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Introduction - Cayce

                                                 INTRODUCTION TO EDGAR CAYCE

                 You may have heard the name Edgar Cayce.
  You may associate his name with the search for the lost continent of Atlantis, and more lately, for the search for a written record of Atlantis that he said was buried beneath the Sphinx in Egypt. There is another side of Edgar Cayce’s reputation as a prophet, though.

In 1877, Edgar Cayce was born in Christian County in western Kentucky. He was a devout Christian and was spiritually sensitive and sensitive to spirit entities only he could see – from an early age. He had devoted himself to reading the Bible by the age of ten, and by his mid-teens, had read the Book several times through. Reverent and devout, Edgar felt alone and different from other boys his age.  Often, he took refuge in a secluded spot near his home, where he felt close to God and close to the forest and to the forest creatures. At the age of thirteen, He prayed for God to show him that God loved His creations, especially human beings, as much as Edgar loved the animals.

In response to his prayer, an angel appeared to Edgar late one night. The angel told Edgar that God would keep His promise to show His love for humankind through Edgar. Then, the angel instructed Edgar to help heal his fellow human beings. This vision changed Edgar Cayce. He knew God would keep His promise. Later that same day, in trouble with his father for being behind on his school work as he usually was, Edgar told his father that if he could sleep on his book, he would wake up and know its contents by memory. He slept on the book - a spelling book - for five minutes. When he awoke, not only could he spell any word in that book for his father, but also he could tell him what page it was on.

The young Cayce’s schooling improved, but ever the soul having a human experience, Edgar had to survive in the world, and he would struggle most of his life to do so.  When he was sixteen, he quit school to help his family earn a living. He farmed, sold books, clerked in retail stores, and with his father, sold insurance.

When he was 23, Cayce inexplicably lost the ability speak in a voice louder than a hoarse whisper, a condition called aphonia by the doctors he consulted. Cayce learned to take portrait photographs, something he could accomplish while speaking little, and he opened a photographic studio.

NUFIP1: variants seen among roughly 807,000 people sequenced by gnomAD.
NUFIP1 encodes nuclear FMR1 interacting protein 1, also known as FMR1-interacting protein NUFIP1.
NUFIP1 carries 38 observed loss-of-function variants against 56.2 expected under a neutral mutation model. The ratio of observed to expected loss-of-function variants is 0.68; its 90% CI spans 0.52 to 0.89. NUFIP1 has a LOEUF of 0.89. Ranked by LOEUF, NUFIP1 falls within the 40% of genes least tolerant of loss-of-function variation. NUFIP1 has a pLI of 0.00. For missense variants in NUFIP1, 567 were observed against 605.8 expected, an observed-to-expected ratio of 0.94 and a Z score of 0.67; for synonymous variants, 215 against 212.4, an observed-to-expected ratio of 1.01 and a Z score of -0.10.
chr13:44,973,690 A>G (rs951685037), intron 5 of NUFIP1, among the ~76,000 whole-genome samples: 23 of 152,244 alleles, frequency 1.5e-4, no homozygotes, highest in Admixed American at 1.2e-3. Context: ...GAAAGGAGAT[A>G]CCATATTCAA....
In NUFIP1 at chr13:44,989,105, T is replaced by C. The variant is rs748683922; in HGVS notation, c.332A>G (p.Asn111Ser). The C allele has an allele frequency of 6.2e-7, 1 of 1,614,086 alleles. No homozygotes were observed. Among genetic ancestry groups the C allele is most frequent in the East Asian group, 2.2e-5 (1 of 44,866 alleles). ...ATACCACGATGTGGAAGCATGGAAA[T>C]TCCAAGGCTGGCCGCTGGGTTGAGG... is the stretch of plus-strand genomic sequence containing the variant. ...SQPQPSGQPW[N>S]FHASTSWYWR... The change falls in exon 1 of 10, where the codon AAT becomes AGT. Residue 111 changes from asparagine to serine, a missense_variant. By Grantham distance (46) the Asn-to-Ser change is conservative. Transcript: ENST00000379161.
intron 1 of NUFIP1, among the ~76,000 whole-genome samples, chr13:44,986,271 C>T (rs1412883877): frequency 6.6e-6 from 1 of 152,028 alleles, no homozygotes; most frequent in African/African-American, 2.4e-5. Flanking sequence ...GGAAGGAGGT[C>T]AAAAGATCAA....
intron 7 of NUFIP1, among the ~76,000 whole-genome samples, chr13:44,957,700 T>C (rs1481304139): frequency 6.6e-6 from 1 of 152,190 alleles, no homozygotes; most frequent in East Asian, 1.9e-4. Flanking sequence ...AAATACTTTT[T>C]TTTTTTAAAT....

It was during this period that he discovered his gift for healing. In 1901, a friend introduced Cayce to a stage hypnotist who hypnotized Cayce. While under hypnosis, Cayce spoke in a normal, audible voice but resumed speaking in a whisper when awakened. Over the next several months, a doctor from New York City studied his case. The doctor suggested that Cayce put himself to sleep the same way he had done so over his school books, and he told Cayce to diagnose himself while under self-hypnosis as if he were looking at a stranger and to offer himself remedial treatment. Cayce followed the doctor’s suggestions.

By applying this method, Cayce’s voice was restored to him during the following year. This method of following the suggestions of a conductor became the pattern for Cayce’s “readings,” so-called because he diagnosed himself while in his self-imposed trance, as if reading a book.

Also during that year and at the stage hypnotist’s request, Cayce began giving readings for him and for other people who were injured or ill. Cayce was reluctant, because he believed that what he was doing too fantastic to be genuine, that there must be some trickery involved. However, since he had regained his own voice by this means, he agreed to do the readings for the friend who had introduced him to the hypnotist out of a sense of gratitude and obligation. The people for whom Cayce did readings and prescribed courses of treatment told him later that his suggestions had worked, but he was embarrassed by the praise. Even an account of a healing related by his cousin didn’t improve his opinion of his gift. No matter the benefit that resulted, using the gift simply made him feel odd. So, instead of healing people for a living, he pursued his career as a portrait photographer.

Nevertheless, by 1911, Cayce’s reputation as a healer grew, and it was enhanced by newspaper articles in New York and in Chicago and by wire service accounts nation-wide. Despite his own disbelief, he felt an inner urging to serve. The list of people who sought his counsel began to include prominent statesmen, inventors, business leaders, and entertainers.